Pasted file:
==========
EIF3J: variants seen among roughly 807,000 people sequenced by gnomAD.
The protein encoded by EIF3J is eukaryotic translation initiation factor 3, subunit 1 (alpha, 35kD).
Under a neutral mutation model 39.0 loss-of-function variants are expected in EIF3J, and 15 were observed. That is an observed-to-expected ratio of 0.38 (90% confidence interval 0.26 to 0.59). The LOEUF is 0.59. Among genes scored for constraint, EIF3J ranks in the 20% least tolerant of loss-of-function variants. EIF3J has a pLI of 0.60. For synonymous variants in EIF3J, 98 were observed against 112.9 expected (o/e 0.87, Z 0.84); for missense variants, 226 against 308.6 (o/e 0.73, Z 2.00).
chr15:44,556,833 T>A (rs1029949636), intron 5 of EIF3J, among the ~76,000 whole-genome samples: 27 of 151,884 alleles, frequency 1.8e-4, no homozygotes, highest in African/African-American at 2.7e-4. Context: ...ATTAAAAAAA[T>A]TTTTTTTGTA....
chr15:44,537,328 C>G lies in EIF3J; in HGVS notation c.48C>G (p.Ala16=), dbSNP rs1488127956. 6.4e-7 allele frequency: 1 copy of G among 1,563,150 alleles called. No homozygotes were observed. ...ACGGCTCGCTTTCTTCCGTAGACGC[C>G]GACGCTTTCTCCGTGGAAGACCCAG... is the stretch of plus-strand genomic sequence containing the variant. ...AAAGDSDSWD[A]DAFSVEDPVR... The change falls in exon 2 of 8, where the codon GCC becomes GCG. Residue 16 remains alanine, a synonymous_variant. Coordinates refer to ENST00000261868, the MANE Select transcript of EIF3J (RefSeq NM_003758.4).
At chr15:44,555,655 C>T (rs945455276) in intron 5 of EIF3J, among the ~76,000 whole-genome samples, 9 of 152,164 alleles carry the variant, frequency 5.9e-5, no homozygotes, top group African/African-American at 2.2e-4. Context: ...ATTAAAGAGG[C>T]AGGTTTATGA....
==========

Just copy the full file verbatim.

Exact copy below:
EIF3J: variants seen among roughly 807,000 people sequenced by gnomAD.
The protein encoded by EIF3J is eukaryotic translation initiation factor 3, subunit 1 (alpha, 35kD).
Under a neutral mutation model 39.0 loss-of-function variants are expected in EIF3J, and 15 were observed. That is an observed-to-expected ratio of 0.38 (90% confidence interval 0.26 to 0.59). The LOEUF is 0.59. Among genes scored for constraint, EIF3J ranks in the 20% least tolerant of loss-of-function variants. EIF3J has a pLI of 0.60. For synonymous variants in EIF3J, 98 were observed against 112.9 expected (o/e 0.87, Z 0.84); for missense variants, 226 against 308.6 (o/e 0.73, Z 2.00).
chr15:44,556,833 T>A (rs1029949636), intron 5 of EIF3J, among the ~76,000 whole-genome samples: 27 of 151,884 alleles, frequency 1.8e-4, no homozygotes, highest in African/African-American at 2.7e-4. Context: ...ATTAAAAAAA[T>A]TTTTTTTGTA....
chr15:44,537,328 C>G lies in EIF3J; in HGVS notation c.48C>G (p.Ala16=), dbSNP rs1488127956. 6.4e-7 allele frequency: 1 copy of G among 1,563,150 alleles called. No homozygotes were observed. ...ACGGCTCGCTTTCTTCCGTAGACGC[C>G]GACGCTTTCTCCGTGGAAGACCCAG... is the stretch of plus-strand genomic sequence containing the variant. ...AAAGDSDSWD[A]DAFSVEDPVR... The change falls in exon 2 of 8, where the codon GCC becomes GCG. Residue 16 remains alanine, a synonymous_variant. Coordinates refer to ENST00000261868, the MANE Select transcript of EIF3J (RefSeq NM_003758.4).
At chr15:44,555,655 C>T (rs945455276) in intron 5 of EIF3J, among the ~76,000 whole-genome samples, 9 of 152,164 alleles carry the variant, frequency 5.9e-5, no homozygotes, top group African/African-American at 2.2e-4. Context: ...ATTAAAGAGG[C>T]AGGTTTATGA....